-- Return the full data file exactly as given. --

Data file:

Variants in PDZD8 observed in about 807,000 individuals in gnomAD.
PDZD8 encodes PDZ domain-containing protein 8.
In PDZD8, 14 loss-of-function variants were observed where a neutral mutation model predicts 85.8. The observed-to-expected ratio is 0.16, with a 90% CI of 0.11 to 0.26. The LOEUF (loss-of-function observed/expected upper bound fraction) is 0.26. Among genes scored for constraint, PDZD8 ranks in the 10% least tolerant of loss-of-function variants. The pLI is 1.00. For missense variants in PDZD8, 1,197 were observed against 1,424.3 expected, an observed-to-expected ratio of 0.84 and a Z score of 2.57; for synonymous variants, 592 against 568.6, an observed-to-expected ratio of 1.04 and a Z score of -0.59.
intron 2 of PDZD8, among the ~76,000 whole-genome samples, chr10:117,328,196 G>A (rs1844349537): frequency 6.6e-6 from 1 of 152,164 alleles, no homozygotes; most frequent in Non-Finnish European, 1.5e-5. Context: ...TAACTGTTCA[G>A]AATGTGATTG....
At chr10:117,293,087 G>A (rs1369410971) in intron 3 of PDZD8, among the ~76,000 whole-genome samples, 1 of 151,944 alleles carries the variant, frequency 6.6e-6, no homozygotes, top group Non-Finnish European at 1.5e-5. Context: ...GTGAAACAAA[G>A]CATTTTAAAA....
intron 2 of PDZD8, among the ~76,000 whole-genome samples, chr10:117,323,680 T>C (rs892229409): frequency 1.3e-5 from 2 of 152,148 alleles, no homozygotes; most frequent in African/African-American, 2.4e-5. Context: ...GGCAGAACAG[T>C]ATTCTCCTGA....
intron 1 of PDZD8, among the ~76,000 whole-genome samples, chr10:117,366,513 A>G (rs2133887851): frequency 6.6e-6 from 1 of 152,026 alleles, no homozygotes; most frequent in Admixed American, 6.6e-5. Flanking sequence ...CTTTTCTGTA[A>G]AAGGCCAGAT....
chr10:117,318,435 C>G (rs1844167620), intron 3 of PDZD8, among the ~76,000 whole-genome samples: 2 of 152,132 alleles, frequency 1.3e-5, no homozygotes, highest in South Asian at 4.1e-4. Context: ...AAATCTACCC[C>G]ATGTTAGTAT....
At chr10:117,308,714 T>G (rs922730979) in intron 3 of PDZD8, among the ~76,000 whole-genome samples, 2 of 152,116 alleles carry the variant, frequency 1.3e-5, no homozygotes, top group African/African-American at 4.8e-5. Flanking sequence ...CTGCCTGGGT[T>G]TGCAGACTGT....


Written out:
Variants in PDZD8 observed in about 807,000 individuals in gnomAD.
PDZD8 encodes PDZ domain-containing protein 8.
In PDZD8, 14 loss-of-function variants were observed where a neutral mutation model predicts 85.8. The observed-to-expected ratio is 0.16, with a 90% CI of 0.11 to 0.26. The LOEUF (loss-of-function observed/expected upper bound fraction) is 0.26. Among genes scored for constraint, PDZD8 ranks in the 10% least tolerant of loss-of-function variants. The pLI is 1.00. For missense variants in PDZD8, 1,197 were observed against 1,424.3 expected, an observed-to-expected ratio of 0.84 and a Z score of 2.57; for synonymous variants, 592 against 568.6, an observed-to-expected ratio of 1.04 and a Z score of -0.59.
intron 2 of PDZD8, among the ~76,000 whole-genome samples, chr10:117,328,196 G>A (rs1844349537): frequency 6.6e-6 from 1 of 152,164 alleles, no homozygotes; most frequent in Non-Finnish European, 1.5e-5. Context: ...TAACTGTTCA[G>A]AATGTGATTG....
At chr10:117,293,087 G>A (rs1369410971) in intron 3 of PDZD8, among the ~76,000 whole-genome samples, 1 of 151,944 alleles carries the variant, frequency 6.6e-6, no homozygotes, top group Non-Finnish European at 1.5e-5. Context: ...GTGAAACAAA[G>A]CATTTTAAAA....
intron 2 of PDZD8, among the ~76,000 whole-genome samples, chr10:117,323,680 T>C (rs892229409): frequency 1.3e-5 from 2 of 152,148 alleles, no homozygotes; most frequent in African/African-American, 2.4e-5. Context: ...GGCAGAACAG[T>C]ATTCTCCTGA....
intron 1 of PDZD8, among the ~76,000 whole-genome samples, chr10:117,366,513 A>G (rs2133887851): frequency 6.6e-6 from 1 of 152,026 alleles, no homozygotes; most frequent in Admixed American, 6.6e-5. Flanking sequence ...CTTTTCTGTA[A>G]AAGGCCAGAT....
chr10:117,318,435 C>G (rs1844167620), intron 3 of PDZD8, among the ~76,000 whole-genome samples: 2 of 152,132 alleles, frequency 1.3e-5, no homozygotes, highest in South Asian at 4.1e-4. Context: ...AAATCTACCC[C>G]ATGTTAGTAT....
At chr10:117,308,714 T>G (rs922730979) in intron 3 of PDZD8, among the ~76,000 whole-genome samples, 2 of 152,116 alleles carry the variant, frequency 1.3e-5, no homozygotes, top group African/African-American at 4.8e-5. Flanking sequence ...CTGCCTGGGT[T>G]TGCAGACTGT....